Personal and ministry interests have had me engaging some of Richard Rohr’s cross-cultural analysis of male spirituality and initiation rites. (cf., Adam’s Return: The Five Promises of Male Initiation and From Wild Man to Wise Man: Reflections on Male Spirituality)
He postulates that, across time and space and religions, there are five essential messages sounded through such rites:
- Life is Hard
- You Are Not Important
- Your Life Is Not About You
- You Are Not in Control
- You Are Going to Die1
A displacement of such rites (and their essential messages) are, according to Rohr, a real basis of a lot of our angst and dysfunction as a culture and society—as we all, male and female, are in need of these messages. [Tempting it is to point out how these messages run counter to “Moralistic Therapeutic Deism,” the prevailing religious belief of American teenagers — according to sociologists Christian Smith and Melina Lundquist Denton in their 2005 book Soul Searching: The Religious and Spiritual Lives of American Teenagers (Oxford University Press). But, I will save that for another post.]
Especially interesting to me as I read this material on my way into Holy Week was the very deep and soulful realization of how “this stuff is at the heart of my ongoing journey into the second half of [physical and spiritual] life!”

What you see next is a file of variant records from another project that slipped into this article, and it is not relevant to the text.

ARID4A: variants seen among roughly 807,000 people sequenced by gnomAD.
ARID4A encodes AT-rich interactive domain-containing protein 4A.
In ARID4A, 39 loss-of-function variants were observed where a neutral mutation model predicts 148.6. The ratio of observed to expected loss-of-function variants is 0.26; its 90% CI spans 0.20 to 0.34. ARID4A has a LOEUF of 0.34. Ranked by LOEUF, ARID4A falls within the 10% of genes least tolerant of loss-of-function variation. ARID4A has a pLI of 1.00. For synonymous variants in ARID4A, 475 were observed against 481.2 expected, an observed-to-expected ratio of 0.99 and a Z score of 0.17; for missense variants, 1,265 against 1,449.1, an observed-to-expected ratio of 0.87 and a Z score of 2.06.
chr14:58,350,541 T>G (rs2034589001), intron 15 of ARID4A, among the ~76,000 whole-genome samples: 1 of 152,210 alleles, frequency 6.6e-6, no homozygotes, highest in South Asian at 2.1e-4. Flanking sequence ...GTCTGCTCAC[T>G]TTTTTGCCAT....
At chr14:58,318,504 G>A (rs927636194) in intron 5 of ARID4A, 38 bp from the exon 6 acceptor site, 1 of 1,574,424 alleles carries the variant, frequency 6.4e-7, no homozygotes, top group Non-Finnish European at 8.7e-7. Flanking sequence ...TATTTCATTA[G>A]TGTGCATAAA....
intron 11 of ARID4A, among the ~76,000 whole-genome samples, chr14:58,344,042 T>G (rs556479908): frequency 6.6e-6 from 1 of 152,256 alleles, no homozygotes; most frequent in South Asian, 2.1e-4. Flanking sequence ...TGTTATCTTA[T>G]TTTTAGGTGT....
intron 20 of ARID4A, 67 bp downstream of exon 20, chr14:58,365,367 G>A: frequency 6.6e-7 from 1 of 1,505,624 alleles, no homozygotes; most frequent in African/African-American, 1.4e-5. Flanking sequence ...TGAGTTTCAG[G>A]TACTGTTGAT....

Somewhere inside of me, a little voice was triggered: “You mean these Lenten messages and this Lenten journey continue into Easter?!??! Isn’t there a reprieve? Isn’t Easter a time of letting go of and moving beyond Lenten sacrifice and fastings and disciplines?!?!?”
To which another voice within… (As a 1 on the Enneagram, I have quite a few internal voices… At least, that’s my story and I am sticking to it!) To which another voice within said: “Easter’s is not so much the message that the [soul] Surgery is over but that the [Divine] Physician can be trusted!”
And so, Lent continues (as does Advent and Christmas and Epiphany… and, indeed, Pentecost, for that matter). As Christians, we are locked – as individuals and communities — in an ongoing cycle and rhythm of all these Feast days and the spiritual dynamics they embody and represent. But, now, they are all transformed and illuminated by Easter’s message: that there’s a Power and a Love that is on our side, that Life and the Lord of Life can be trusted and en-joyed — even as the initiation continues!
1Probably no surprise to those who read Rohr and know his penchant for paradoxy (seeing things beyond “either-or” framings) that he’d take these five messages and marry them to five counterbalancing messages from our Lord:
- It is true that life is hard but: “My yoke is easy and my burden is light” (Matthew 11:28).
- It is true that you are not that important, but: “Do you not know that your name is written in heaven?” (Luke 10:20).
- It is true that your life is not about you, but: “I live not my own life, but the life of Christ who lives in me” (Galatians 2:20).
- It is true that you are not in control, but: “Can any of you for all your worrying, add a single moment to your span of life?” (Luke 12:26).
- It is true that you are going to die, but: “Neither death nor life / can come between us and the love of God” (Romans 8:38-39).